Can Childhood Adversity Cause Anxiety?

I was asked recently whether childhood adversity can contribute to problems with anxiety in adulthood, so this blog will summarise my thoughts based on my clinical experience and knowledge from academic study. The short answer is yes. We know that adverse childhood experiences (ACE’s), such as household challenges, abuse, or neglect, can be a significant factor in the development of difficulties with both physical and psychological health in life. Research also shows that the higher number of ACE’s that an individual experiences, the more likely they are to go on and develop mental health problems such as depression later down the line.

When I studied for my CBT training, I remember a statistic that suggested that we are about 30% more likely to develop problems with anxiety if our biological parents had problems with anxiety. The other 70% was put down to environmental factors such as learning within society, whether that be at home, school, or other social settings. Please note, these figures may have changed since I did my training a few years ago!

Let’s explore the environmental components that could influence anxiety. If we grew up with an anxious caregiver, we could learn how to think and behave in an anxious way and this learning can stay with us way into adulthood. For example, if one of our parents held the belief that ‘if you think of the worst-case scenario, then everything else is a bonus,’ it is likely that at some point, whether directly or indirectly, we will pick up on that idea and start to believe it ourselves. The reason for this is that our children look up to us and respect us (not all the time admittedly!) and will model how we are as parents because that is what is modelled to them.

It makes sense in a world where things go wrong at different points, to try and protect ourselves from that reality by doing all we can to prepare for it. However, if you adopt that thinking style and apply it to lots, even all, areas of your life, it is likely that anxiety will start to become an issue for you at some point.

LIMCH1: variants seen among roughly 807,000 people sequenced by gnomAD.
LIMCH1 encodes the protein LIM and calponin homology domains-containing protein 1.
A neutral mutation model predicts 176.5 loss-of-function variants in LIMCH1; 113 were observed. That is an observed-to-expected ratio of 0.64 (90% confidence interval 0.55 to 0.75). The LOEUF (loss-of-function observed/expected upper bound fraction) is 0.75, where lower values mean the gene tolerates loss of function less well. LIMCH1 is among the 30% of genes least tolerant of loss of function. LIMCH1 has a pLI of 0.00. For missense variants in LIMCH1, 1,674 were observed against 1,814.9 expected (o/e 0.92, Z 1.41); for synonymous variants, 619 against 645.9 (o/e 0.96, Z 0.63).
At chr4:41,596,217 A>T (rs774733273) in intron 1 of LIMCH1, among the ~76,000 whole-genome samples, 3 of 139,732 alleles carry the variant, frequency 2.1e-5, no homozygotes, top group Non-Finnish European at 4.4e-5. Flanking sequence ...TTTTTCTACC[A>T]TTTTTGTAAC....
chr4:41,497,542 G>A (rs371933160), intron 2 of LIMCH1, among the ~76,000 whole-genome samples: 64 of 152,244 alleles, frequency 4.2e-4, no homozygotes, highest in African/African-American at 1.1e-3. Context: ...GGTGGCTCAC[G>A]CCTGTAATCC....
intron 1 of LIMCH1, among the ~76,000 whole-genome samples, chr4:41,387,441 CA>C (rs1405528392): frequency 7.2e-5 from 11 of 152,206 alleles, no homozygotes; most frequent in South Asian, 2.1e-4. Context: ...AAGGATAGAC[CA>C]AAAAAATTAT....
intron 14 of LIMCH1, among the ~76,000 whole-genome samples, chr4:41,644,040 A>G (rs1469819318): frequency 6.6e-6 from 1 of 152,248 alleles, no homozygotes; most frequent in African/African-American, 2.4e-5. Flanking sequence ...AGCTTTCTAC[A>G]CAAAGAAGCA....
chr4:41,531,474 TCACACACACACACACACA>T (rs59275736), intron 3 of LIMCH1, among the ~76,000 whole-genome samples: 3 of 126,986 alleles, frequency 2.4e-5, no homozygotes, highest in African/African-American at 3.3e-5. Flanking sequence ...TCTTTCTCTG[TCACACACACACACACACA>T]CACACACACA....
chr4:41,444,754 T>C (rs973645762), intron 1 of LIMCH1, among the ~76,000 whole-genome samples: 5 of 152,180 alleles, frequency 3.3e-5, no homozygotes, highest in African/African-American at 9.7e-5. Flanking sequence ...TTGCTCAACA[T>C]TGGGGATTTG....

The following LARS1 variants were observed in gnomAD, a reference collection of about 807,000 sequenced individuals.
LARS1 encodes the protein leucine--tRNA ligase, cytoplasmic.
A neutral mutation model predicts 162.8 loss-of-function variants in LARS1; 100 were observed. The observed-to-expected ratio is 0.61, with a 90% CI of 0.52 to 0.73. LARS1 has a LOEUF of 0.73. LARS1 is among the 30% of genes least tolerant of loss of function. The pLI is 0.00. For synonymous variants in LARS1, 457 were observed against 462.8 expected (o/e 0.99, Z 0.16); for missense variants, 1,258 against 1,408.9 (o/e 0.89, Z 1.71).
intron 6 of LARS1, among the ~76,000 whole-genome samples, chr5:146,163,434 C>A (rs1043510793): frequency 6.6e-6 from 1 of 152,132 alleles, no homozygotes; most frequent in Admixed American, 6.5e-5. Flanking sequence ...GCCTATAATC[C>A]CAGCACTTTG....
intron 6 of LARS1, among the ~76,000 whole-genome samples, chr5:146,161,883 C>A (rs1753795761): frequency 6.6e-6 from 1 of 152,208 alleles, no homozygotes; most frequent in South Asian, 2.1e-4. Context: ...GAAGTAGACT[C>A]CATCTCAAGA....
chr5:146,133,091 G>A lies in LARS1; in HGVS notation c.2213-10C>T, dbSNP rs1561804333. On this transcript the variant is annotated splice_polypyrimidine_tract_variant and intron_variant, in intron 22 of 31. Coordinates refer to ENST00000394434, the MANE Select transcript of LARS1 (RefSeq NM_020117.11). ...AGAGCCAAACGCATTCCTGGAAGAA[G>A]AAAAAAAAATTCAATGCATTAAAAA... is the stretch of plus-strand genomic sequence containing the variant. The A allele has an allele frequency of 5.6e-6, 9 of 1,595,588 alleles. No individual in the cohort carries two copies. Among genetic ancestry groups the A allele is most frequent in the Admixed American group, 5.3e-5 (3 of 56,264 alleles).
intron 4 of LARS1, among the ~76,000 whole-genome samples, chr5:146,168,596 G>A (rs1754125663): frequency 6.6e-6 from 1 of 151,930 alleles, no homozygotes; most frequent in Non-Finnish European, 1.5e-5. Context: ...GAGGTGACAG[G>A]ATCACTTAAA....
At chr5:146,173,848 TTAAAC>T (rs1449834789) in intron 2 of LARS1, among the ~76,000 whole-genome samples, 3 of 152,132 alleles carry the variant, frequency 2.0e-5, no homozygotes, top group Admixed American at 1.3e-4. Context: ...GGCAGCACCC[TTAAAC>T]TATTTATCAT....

Our thinking is habitual and can become so subconsciously engrained. We know that our beliefs drive our behaviour, so unhelpful, catastrophic ideas like the example above can lead us to do all sorts of behaviours such as excessive planning and preparing before doing something new. These behaviours again make logical sense given the content of the belief, however, can go on to become a problem when we cannot go somewhere new or doing something without a comprehensive plan detailing all potential eventualities. The behaviours also serve to keep the anxious belief in place because we never learn whether something will go wrong or not if we continue to do lots of things to try and prevent bad things from happening. All of this can have quite an impact on friendships and relationships, especially if your loved ones do not hold the same belief and are therefore more spontaneous when doing things.

The good news is, we all hold both helpful and unhelpful beliefs based on our own experiences growing up, and the purpose of psychological therapy is to help you identify what beliefs you may have developed along the way and whether they are currently helping you or becoming more of a hinderance. After identifying the beliefs that are causing you problems, therapy can then help you try and change some of these to more realistic ones whilst supporting you to try and behave in accordance with this new belief. At the same time, therapy can help you to practice more helpful behaviours such as being more spontaneous and testing how the world really works, rather than how you have been conditioned to think it works from an early age.

If any of this blog resonates with you, if you have any comments or think you’d like some support, I’d really love to hear from you so do get in touch.

If you would prefer to go straight to book your assessment, you can do this here.

 

Useful Links:

Adverse Childhood Experiences (ACEs) and Attachment - Royal Manchester Children's Hospital (mft.nhs.uk)

 

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